If visiting museums gives your travelers antsy feet and itchy fingers, behind-the-scenes tours and hands-on activities may be just the ticket. There are many engaging places to see and do things in St. Louis, including a microbrewery and an art glass studio.
Many people know St. Louis as the home of beer giant Anheuser-Busch, but other brewers thrive there as well. The St. Louis Brewery has been making Schlafly beer since 1991.
“At that time, we were the first brewpub in Missouri, and the first new brewery in St. Louis since the end of Prohibition,” said Stewart Wolfe, event and tour manager at the brewery. “We’ll make over 40 different styles of beer every single year. A lot of them are authentic styles from all over the world. The focus of our beer is quality and variety.”
Groups can tour the Schlafly Bottleworks in the Maplewood neighborhood to learn about the production process and sample some of the company’s products.
The experience begins with a look through the on-site brewery museum and then proceeds to an hourlong tour of the brew house, the bottling line and the cellar before proceeding to the tasting room. Most of the tour guides have also worked as brewers, so they offer an in-depth and individual look at different elements of beermaking.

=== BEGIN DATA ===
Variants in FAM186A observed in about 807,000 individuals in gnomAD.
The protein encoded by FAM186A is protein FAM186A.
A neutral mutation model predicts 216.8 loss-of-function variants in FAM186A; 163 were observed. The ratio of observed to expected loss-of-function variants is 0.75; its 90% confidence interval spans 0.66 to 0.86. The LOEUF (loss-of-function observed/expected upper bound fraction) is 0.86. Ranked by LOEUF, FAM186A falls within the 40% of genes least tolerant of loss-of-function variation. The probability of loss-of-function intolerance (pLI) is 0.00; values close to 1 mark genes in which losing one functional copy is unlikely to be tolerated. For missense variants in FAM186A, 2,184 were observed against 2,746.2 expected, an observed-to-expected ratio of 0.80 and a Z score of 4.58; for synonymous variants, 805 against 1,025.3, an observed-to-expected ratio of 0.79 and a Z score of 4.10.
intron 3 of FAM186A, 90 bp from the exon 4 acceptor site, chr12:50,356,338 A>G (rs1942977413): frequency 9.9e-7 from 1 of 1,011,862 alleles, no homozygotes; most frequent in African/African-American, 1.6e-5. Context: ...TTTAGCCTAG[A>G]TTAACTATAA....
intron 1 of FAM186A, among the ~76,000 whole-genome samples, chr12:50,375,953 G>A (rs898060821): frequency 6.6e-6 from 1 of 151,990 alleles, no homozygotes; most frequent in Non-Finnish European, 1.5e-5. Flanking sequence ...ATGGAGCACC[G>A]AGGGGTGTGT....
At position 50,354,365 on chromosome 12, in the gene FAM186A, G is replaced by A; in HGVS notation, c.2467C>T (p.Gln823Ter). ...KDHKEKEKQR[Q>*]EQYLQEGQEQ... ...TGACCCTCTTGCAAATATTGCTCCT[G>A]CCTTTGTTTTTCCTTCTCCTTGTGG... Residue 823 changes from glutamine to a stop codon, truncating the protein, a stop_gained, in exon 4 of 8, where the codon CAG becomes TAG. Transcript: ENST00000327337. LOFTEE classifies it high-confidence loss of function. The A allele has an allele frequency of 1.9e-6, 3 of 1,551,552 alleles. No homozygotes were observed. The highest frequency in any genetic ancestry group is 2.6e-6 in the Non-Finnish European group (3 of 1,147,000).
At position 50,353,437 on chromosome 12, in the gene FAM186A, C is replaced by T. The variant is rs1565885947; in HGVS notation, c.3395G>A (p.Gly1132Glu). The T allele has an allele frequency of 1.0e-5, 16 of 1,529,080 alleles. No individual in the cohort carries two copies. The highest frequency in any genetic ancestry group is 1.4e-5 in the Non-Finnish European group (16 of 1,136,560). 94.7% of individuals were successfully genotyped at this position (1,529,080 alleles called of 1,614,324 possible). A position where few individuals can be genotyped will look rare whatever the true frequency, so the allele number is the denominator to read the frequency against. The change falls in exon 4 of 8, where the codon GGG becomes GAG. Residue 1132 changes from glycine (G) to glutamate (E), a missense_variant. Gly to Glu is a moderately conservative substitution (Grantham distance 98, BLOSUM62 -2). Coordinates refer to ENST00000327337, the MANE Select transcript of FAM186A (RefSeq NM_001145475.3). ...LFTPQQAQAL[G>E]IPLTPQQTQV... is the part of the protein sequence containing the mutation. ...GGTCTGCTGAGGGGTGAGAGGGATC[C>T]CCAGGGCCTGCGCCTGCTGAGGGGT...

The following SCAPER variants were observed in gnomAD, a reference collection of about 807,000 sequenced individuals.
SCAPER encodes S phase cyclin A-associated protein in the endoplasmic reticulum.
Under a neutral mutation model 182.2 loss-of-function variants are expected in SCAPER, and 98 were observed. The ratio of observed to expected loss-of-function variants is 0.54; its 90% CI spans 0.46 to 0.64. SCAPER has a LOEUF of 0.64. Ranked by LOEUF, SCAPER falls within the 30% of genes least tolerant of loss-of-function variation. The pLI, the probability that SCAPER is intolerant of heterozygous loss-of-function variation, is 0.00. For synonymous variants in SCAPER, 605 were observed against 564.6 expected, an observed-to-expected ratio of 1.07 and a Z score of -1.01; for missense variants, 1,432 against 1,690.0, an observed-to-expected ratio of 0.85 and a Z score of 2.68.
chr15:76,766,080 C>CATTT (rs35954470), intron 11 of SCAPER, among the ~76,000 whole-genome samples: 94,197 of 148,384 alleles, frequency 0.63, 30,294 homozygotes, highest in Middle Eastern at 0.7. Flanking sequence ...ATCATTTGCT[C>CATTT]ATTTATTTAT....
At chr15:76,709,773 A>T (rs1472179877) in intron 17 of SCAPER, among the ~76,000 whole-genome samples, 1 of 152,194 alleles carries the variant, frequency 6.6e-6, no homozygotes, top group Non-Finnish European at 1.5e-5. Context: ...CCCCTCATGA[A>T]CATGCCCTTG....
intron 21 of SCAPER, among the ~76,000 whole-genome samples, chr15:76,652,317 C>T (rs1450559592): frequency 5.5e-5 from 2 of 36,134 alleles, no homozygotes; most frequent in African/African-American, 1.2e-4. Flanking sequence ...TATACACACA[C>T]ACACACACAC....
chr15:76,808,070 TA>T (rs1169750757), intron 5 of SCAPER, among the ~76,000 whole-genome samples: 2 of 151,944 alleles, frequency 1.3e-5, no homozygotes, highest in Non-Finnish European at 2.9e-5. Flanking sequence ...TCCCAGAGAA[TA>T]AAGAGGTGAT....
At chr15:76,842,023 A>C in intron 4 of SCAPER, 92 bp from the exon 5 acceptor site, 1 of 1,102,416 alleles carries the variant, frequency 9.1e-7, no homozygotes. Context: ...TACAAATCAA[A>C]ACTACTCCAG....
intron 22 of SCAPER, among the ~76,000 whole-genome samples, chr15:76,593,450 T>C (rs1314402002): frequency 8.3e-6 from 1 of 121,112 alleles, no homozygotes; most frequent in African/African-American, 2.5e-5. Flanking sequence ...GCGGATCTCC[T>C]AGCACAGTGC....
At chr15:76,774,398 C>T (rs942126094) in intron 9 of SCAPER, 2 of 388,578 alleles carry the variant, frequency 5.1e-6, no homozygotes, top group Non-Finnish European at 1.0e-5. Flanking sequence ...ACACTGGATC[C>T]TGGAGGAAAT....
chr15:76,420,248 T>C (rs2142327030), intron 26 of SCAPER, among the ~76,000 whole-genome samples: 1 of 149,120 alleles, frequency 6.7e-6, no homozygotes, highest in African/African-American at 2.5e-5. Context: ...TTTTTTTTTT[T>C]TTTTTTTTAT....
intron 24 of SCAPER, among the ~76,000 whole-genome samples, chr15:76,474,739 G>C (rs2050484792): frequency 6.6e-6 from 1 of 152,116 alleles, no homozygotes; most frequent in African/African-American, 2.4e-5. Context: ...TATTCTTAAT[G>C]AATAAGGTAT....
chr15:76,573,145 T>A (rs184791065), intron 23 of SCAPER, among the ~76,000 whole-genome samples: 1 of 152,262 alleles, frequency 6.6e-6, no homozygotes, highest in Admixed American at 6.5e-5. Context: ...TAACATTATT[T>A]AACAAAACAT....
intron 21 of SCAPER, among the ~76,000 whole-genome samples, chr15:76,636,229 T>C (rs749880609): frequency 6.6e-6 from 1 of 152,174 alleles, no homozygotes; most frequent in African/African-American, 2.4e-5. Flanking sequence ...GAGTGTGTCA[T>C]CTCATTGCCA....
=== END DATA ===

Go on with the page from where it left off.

The expertise extends to the tasting room, where participants get five-ounce samples of three company flagship beers and a fourth specialty beer chosen by the tour guide.
“What makes our tasting room unique is that we also discuss how to taste beer,” Wolfe said. “We encourage people to take their time and to taste the beer with their eyes and nose first before they actually drink it.”
Another opportunity for hands-on interaction comes at the Third Degree Glass Factory, a studio founded eight years ago by two local glass artists. Today, the spot has become a local hub for demonstrations and workshops, as well as art exhibits.
“We teach the ancient art of glassblowing, flameworking and kiln work,” said Anne Murphy, director of marketing and development at Third Degree. “We teach classes, but we also have a gallery where we highlight the work of our artists. People love to get their hands on glass, and glassblowing is a very captivating type of medium — very visual, very historic and really exciting.”
Groups that visit the factory have the option of viewing glassblowing demonstrations or rolling up their sleeves for a hands-on glass art workshop. The demonstrations are given by resident artists, who narrate the techniques they are using to create pieces of artwork. Groups that choose hands-on workshops won’t be blowing glass, but they can create glass paperweights, jewelry, tiles or magnets.
The 45-minute glass workshops start with a short safety demonstration. After that, instructors help participants craft items that reflect their own creative touches.
“The workshops are taught by our glass artists, who are also our instructors,” Murphy said. “They’re really good and patient and know how to make people feel comfortable. People really love having the opportunity to create something, and glass is a really unique medium to work with.”